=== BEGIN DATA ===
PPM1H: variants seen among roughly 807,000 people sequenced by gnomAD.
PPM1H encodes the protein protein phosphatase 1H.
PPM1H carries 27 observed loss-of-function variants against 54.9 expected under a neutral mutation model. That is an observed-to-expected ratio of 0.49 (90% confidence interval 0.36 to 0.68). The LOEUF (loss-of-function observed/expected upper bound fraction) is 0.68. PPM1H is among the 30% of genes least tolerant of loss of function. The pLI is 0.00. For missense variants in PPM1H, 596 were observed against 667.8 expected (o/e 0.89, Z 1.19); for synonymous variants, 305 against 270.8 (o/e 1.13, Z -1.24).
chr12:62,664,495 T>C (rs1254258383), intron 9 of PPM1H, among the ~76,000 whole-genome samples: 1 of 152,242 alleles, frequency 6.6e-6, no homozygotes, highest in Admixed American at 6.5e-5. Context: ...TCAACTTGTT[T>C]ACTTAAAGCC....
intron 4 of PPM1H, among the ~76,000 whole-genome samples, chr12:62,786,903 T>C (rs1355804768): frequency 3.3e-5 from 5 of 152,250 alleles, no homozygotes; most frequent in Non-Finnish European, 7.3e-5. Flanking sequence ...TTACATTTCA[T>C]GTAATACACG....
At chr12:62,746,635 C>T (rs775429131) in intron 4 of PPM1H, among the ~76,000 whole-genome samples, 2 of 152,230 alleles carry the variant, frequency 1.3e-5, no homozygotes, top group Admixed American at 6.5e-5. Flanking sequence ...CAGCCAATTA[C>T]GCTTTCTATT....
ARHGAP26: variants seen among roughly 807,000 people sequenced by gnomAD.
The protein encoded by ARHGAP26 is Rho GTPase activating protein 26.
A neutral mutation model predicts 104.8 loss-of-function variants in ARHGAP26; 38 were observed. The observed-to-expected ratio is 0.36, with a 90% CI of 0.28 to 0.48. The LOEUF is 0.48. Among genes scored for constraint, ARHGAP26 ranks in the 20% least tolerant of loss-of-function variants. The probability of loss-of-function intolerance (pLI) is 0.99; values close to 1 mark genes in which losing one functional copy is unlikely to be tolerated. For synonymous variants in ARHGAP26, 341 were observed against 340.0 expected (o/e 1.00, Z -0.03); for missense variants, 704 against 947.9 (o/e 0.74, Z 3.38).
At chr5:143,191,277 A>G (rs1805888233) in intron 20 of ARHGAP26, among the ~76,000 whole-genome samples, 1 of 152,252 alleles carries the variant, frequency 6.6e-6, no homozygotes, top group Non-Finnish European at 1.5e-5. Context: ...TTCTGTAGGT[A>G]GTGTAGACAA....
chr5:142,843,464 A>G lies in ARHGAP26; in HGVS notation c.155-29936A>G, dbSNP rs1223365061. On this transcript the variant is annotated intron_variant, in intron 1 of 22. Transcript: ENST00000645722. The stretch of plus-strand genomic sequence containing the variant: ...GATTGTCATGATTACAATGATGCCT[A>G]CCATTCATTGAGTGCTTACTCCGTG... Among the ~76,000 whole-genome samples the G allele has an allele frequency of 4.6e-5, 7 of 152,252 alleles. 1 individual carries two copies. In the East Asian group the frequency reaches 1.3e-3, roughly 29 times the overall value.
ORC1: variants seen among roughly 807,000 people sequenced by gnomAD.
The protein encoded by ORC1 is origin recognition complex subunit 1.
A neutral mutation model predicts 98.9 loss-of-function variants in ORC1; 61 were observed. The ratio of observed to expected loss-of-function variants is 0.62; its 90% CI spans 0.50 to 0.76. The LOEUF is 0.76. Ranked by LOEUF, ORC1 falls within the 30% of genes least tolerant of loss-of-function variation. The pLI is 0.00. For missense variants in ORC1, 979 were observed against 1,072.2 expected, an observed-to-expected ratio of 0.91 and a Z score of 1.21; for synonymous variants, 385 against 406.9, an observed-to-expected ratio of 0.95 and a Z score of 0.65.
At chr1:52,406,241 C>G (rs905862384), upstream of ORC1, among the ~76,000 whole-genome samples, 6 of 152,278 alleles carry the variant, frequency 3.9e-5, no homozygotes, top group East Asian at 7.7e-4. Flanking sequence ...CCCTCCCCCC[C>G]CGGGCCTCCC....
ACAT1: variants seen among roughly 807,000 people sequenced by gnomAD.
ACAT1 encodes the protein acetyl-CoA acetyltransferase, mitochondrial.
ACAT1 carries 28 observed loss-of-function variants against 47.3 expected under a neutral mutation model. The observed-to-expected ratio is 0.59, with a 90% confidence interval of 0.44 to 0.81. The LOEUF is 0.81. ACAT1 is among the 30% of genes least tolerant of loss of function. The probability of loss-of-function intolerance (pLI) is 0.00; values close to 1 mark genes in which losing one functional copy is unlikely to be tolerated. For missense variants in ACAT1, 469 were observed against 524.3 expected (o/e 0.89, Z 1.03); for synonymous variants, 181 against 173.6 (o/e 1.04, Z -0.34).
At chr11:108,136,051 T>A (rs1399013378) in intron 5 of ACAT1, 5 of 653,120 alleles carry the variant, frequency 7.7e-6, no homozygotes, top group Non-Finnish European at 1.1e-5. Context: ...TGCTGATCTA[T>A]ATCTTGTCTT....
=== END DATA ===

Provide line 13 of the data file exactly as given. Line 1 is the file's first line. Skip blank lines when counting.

The protein encoded by ORC1 is origin recognition complex subunit 1.